Memoirs of George Elers: Captain in the 12th Regiment of Foot (1777-1842) to which are Added Correspondence and Other Papers, with Genealogy and Notes

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D. Appleton and Company, 1903 - 324 pages
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Page 52 - I observed, many years after, the great likeness between him and the performer, Mr. Charles Young, which he told me he had often heard remarked. He spoke at this time remarkably quickly, with, I think, a very, very slight lisp.
Page 118 - ... Dhoondiah Waugh (or Dundia Wao) who was hotly pursued by a couple of armed columns but fled over the Mahratta frontier, where it was forbidden to follow him. Late in November, Colonel Wellesley was back with his garrison at Seringapatam, and there he might be seen every morning on parade dressed in "a long coat, the uniform of the 33rd Regiment, a cocked hat, white pantaloons, Hessian boots and spurs, and a large sabre, the handle solid silver, and the mounting of the scabbard of the same metal,...
Page 272 - To ready Scotland boys and girls are carried Before their time, impatient to be married. Soon wiser grown the selfsame road they run In eager haste to get the knot undone. The indulgent Scot, when English law too nice is, Sanctions our follies first and then our vices
Page 51 - In height he was about 5 feet 7 inches, with a long pale face, a remarkably large aquiline nose, a clear blue eye, and the blackest beard I ever saw. He was remarkably clean in his person, and I have known him shave twice in one day, which I believe was his constant practice. He spoke at this time remarkably quickly with, I think, a very, very slight lisp.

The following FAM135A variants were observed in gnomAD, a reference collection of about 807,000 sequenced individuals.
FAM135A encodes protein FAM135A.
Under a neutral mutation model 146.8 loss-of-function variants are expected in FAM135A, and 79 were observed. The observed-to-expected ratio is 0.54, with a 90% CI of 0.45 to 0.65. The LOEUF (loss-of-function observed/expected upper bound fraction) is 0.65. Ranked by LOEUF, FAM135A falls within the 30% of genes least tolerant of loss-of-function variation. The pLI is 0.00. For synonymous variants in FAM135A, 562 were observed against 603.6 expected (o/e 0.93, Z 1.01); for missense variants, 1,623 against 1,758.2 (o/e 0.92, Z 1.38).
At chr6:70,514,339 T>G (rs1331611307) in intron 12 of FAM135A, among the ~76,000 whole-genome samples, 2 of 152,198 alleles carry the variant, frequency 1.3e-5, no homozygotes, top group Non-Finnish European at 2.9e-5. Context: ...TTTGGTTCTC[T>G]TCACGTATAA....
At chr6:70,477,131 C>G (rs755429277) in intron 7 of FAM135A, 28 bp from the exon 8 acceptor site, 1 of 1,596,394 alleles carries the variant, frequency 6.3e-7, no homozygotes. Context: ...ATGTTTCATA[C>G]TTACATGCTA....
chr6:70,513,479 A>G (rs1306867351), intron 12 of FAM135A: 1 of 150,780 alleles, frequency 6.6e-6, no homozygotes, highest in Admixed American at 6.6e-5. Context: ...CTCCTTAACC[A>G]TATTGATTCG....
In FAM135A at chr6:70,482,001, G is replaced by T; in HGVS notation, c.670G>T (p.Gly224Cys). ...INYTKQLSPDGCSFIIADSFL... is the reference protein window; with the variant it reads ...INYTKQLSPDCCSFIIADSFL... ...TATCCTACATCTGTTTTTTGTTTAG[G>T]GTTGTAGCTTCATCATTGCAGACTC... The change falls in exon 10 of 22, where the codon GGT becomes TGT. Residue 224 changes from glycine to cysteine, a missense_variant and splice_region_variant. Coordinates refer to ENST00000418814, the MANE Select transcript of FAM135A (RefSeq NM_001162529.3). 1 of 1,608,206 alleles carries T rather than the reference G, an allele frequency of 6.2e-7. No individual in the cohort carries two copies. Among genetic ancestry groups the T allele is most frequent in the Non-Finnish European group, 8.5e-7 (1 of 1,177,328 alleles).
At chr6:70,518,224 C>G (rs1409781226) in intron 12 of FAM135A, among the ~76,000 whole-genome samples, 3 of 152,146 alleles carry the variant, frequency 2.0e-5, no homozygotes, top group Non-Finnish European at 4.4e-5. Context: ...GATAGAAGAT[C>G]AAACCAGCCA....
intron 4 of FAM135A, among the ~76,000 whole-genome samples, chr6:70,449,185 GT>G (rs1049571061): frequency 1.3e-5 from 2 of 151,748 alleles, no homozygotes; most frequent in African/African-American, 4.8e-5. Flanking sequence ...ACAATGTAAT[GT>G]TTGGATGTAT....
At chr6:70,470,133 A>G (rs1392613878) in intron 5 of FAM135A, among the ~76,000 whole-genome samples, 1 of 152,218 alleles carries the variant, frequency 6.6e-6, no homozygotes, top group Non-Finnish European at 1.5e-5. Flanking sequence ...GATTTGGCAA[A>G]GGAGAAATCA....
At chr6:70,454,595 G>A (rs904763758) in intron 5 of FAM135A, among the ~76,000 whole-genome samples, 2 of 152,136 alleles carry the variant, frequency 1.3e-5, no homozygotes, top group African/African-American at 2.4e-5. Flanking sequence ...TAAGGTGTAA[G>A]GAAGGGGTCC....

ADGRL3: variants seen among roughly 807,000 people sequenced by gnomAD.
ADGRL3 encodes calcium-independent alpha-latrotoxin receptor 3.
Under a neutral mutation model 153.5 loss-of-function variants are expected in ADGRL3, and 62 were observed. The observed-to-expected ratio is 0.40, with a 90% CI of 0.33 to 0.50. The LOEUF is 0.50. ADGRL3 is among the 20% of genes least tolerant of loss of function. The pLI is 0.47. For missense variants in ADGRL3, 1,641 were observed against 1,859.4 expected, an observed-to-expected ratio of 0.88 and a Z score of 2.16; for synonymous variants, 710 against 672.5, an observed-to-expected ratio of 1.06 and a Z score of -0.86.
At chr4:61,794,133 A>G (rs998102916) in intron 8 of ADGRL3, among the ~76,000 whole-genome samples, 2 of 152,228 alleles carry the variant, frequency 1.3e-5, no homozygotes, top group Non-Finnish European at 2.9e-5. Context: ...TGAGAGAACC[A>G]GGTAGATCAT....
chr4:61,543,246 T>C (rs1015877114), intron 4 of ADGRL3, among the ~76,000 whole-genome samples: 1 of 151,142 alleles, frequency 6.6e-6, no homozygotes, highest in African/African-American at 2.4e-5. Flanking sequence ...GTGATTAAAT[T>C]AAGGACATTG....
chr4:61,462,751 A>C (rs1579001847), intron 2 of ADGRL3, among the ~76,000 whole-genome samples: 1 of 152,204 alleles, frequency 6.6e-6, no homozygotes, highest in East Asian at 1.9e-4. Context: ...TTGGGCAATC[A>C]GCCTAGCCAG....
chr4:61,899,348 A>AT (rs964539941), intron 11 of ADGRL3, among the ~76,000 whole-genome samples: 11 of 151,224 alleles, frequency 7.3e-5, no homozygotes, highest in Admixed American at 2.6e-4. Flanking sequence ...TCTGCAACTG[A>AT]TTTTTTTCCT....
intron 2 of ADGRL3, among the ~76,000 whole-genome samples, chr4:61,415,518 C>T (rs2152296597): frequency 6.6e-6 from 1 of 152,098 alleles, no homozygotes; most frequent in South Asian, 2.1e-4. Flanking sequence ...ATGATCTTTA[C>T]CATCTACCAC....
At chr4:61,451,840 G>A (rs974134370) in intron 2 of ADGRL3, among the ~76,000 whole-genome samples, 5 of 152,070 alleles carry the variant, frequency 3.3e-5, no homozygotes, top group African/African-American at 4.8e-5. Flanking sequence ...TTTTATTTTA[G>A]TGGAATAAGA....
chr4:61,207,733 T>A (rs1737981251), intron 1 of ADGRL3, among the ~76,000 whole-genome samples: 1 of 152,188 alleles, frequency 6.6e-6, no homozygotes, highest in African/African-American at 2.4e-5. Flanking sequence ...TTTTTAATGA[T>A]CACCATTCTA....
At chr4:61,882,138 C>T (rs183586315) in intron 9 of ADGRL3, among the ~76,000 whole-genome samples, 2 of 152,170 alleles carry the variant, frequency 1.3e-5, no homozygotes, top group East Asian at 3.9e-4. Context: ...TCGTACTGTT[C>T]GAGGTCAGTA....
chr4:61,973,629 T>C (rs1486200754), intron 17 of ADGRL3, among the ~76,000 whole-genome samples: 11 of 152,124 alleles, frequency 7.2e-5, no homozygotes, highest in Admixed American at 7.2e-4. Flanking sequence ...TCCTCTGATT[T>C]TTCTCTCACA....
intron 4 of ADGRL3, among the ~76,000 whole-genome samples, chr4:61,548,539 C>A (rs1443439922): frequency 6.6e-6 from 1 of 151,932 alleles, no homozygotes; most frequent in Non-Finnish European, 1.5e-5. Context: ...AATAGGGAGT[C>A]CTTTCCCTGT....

Page 166 - A dead silence prevailed. It was really awful. I never shall forget Sir Henry Gwillam saying : " Not guilty ! A most merciful Jury ! Prisoners," he said, " had you been found guilty, you never would have seen the sun rise again. You have had a most narrow escape of your lives. Let it be a warning to you.
Page 120 - a very susceptible heart, particularly towards, I am sorry to say, married ladies'.
Page 115 - In India a contemporary noted that Wellesley's favourite dish was a roast saddle of mutton and salad. 'He was very abstemious with wine: drank four or five glasses with people at dinner, and about a pint of claret after. He was very even in his temper, laughing and joking with those he liked.
Page 133 - Marquess of Hertford matched Dalrymple against Aubrey, and won of Aubrey .40,000 and Dalrymple won of Aubrey ,10,000.
Page 294 - LODGE, 4//x, 1841. MY DEAR MR. ELERS, . . . Your gallant relative carried his election gloriously, and notwithstanding in some respects the elections have not done much for the Whigs I consider the Corn laws are done for. It does not signify much whether the Tories or the Liberals bring it about, but I can easily see before 3 sessions are over — the restrictive policy must go by the board.
Page 116 - ... the step of Major-Generals. He was all hope and animation. ' Do you happen to have an Army List, Elers ?' I said ' Yes,' and I ran to my tent and fetched it 'for him, saying : ' I am sorry to tell you, Colonel, it does not include you as a Major-General. You are within about five or six of it.' He said sorrowfully : ' My highest ambition is to be a Major-General in His Majesty's service.

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